The school districts vary widely in what they're planning to accomplish if the bond packages are approved. Two suburban Dallas districts, for example, are each requesting voters to OK more than $400 million worth of projects. That money will go to a variety of projects, from technology enhancements directly benefiting classrooms and students to new school construction and maintenance of existing schools. District leaders also are planning for future expansion with land purchases.

Other public education leaders have much more modest plans in mind. A small district northwest of Fort Worth needs to replace perimeter fencing around school property and to add security features like an intercom and a "buzz-in" system at a school's entrance. Another small school district, this one in Central Texas, has put up the smallest bond package, and district officials are hoping to pay for HVAC improvements and the addition of new classrooms.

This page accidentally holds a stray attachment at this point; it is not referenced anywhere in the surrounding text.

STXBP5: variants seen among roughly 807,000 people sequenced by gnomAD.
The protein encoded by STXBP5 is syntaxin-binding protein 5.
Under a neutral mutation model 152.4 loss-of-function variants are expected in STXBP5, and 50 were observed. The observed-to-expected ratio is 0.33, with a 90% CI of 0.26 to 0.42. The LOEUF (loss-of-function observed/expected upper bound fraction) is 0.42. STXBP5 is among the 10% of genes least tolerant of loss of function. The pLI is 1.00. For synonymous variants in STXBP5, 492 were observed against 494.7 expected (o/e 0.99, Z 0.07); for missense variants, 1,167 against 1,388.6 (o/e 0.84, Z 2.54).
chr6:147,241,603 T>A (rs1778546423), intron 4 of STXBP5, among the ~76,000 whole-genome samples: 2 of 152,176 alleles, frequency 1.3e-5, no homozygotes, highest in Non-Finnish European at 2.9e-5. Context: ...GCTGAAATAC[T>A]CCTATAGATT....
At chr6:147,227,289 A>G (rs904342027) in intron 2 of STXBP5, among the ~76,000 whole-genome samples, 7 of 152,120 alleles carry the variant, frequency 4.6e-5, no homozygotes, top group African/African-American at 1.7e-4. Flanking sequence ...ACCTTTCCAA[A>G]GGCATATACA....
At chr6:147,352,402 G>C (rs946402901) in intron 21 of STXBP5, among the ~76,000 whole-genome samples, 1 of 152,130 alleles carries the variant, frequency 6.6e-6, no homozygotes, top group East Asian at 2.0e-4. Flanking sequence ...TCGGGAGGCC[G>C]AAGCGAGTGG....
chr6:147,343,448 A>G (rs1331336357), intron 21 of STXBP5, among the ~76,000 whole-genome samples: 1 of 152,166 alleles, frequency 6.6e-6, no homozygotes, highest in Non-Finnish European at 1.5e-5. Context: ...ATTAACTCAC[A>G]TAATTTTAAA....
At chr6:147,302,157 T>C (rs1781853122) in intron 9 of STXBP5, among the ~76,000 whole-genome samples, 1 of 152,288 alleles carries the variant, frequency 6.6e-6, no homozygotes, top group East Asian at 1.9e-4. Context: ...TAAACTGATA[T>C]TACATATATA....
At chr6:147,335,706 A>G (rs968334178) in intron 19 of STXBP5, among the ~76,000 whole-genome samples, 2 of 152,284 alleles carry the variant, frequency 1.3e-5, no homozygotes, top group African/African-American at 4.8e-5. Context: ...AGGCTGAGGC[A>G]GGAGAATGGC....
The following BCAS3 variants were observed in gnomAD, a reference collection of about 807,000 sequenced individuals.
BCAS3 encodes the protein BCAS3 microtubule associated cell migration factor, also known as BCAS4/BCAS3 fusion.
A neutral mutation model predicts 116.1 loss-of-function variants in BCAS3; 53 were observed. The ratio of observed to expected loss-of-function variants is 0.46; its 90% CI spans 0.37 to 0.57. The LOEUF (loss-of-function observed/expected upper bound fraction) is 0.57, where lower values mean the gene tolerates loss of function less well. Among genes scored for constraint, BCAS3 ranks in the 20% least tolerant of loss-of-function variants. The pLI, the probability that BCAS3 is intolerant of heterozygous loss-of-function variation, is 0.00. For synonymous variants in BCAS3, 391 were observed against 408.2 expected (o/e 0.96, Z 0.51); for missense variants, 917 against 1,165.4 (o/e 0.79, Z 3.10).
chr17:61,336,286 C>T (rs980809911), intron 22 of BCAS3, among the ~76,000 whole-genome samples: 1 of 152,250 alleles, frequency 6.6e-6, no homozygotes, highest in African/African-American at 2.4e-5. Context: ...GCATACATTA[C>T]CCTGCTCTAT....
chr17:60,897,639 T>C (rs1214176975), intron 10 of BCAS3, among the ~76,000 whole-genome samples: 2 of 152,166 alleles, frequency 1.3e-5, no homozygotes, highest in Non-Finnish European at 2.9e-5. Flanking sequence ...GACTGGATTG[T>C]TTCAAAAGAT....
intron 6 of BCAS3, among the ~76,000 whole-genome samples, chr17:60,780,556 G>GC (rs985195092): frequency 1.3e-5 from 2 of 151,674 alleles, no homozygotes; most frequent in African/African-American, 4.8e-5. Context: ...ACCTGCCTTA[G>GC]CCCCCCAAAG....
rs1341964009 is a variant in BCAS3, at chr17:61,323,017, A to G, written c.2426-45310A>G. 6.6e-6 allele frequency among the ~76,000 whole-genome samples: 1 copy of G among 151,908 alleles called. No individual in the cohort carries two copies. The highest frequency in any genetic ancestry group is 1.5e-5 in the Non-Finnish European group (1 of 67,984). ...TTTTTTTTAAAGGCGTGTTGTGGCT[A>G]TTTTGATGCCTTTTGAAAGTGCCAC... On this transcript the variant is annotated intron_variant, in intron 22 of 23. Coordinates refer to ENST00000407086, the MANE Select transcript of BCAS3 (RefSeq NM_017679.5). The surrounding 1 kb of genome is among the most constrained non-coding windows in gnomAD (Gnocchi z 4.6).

Strategic Partnerships salutes Texas' Lone Stars
Gary K. Trietsch, Executive Director, Harris County Toll Road Authority

Career highlights and education: I began my transportation career in 1967 working in the Fort Worth district of the Texas Highway Department. I received my bachelor's degree in civil engineering in 1970 and my master's degree in civil engineering in 1974 at The University of Texas at Arlington (UTA). In 1987, I transferred to the Maintenance and Operation Division in Austin. In 1995, I was appointed district engineer in Houston. I retired from the Texas Department of Transportation (TxDOT) in 2008 after building several billion dollars' worth of projects in the six-county region. I went to work in 2009 for a private consultant and, in 2014, was asked to oversee the Harris County Toll Road Authority (HCTRA).